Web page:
If you believe you need to douche to keep your vagina clean and odor-free, you’re not alone.
This practice has been ingrained in our culture as normal for as long as I can remember.
But The American College of Obstetrics and Gynecology advises women to steer clear of rinsing their vaginas.
Regardless of what you’re experiencing or how ‘fresh’ you feel down there, researchers have found no medical reason for women to douche.
In fact, this practice can upset the delicate balance of bacteria that keeps your vagina healthy.
Your body does a great job of maintaining balance, and the vagina cleans itself to keep your pH levels ideal.
Washing out your vagina doesn’t get rid of odor (odor that is typically normal and healthy for women), and can increase your risk of vagina dryness, irritation, and infection.
So what should you do instead?
Leave your vagina alone. Let your vagina do its job of self-cleaning. You can use gentle cleansers on the vulva (outer parts). But put down those deodorants, perfumes, and sprays. And definitely do not wash the inside of your vagina.
It also helps to wear breathable cotton underwear and ditch the panties all together as often as you can (like when you sleep).
Try a pH cleanser designed specifically for the health of your vagina. Many soaps and body washes can offset your natural bacteria levels and irritate the delicate skin of the vagina and vulva due to their high pH. Use products with clean ingredients that are pH-balanced such as HER Intimate Care.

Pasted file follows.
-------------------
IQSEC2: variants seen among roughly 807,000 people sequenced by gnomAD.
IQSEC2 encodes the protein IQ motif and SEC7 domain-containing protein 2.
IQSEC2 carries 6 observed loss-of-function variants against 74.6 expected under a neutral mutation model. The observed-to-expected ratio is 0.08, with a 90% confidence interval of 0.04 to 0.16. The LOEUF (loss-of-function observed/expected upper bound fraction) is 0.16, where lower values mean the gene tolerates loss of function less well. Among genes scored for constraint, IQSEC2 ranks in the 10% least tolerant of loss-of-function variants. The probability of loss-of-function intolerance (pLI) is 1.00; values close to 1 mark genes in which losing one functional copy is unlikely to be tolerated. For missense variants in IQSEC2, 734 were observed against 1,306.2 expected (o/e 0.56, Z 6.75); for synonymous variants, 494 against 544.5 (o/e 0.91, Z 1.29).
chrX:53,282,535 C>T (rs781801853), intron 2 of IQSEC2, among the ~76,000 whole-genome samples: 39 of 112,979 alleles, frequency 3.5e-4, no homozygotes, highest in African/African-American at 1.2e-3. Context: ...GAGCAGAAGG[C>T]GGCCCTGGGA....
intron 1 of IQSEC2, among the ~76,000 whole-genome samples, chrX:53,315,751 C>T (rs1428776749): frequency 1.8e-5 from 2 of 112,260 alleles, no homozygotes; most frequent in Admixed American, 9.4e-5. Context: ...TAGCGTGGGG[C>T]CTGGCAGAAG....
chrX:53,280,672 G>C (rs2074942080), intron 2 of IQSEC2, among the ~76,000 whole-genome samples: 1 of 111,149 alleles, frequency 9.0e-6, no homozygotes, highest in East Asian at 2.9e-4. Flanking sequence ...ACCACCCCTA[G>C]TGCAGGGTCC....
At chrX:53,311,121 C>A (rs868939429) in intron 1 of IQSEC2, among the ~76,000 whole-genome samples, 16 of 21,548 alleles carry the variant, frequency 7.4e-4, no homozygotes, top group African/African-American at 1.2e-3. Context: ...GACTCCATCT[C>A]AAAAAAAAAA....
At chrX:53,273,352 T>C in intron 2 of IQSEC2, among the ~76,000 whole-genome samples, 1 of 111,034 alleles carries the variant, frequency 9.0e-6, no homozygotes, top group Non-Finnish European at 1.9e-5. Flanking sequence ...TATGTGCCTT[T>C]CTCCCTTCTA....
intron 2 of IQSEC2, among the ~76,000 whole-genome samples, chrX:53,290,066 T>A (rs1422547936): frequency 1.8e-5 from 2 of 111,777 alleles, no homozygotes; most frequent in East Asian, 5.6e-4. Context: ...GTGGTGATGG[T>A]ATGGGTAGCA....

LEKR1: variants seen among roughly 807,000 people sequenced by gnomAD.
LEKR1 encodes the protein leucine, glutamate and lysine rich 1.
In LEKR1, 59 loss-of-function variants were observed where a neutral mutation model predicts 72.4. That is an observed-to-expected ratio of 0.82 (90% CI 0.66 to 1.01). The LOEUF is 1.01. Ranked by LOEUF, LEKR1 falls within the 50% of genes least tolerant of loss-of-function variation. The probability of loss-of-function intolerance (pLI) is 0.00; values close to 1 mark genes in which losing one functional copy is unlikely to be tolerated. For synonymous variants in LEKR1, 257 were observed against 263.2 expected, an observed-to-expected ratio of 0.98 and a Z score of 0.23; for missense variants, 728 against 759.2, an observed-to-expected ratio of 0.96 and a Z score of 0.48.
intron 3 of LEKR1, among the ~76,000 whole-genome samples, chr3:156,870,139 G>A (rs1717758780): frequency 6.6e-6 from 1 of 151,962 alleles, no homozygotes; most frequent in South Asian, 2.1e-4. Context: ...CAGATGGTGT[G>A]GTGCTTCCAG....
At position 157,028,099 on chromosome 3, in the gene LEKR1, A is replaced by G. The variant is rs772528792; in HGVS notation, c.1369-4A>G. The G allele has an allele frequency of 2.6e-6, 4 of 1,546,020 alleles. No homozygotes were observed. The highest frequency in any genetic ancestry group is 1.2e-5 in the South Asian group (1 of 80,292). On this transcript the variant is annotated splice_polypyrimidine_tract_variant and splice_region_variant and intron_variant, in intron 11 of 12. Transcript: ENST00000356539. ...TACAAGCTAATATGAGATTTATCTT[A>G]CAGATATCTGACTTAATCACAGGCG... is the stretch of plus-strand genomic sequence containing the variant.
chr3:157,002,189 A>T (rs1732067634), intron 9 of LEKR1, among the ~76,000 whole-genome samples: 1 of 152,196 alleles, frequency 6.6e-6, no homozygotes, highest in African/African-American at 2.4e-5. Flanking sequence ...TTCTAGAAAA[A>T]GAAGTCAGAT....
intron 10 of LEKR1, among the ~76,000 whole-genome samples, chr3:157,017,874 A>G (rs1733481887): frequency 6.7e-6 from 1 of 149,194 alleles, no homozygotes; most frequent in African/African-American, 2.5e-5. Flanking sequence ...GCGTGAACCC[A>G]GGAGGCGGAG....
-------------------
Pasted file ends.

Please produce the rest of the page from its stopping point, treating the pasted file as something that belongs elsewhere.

Take care of your immune health. Like the rest of your body, your vaginal health is heavily dependent on your lifestyle. When you eat well, get plenty of rest, exercise, spend quality time with people you love, and take care of your mental wellbeing… it helps to support balanced vaginal health.
It’s also important to avoid certain habits like smoking, heavy drinking, excess caffeine, sugar, and fatty foods.
Remember that vaginas have a natural odor. They aren’t meant to smell like flowers.
However, there are certain times when you may need to seek support from your healthcare provider. If you notice a strong vaginal odor, any changes in vaginal discharge, irritation, or other signs of vaginal discomfort, talk with your healthcare provider.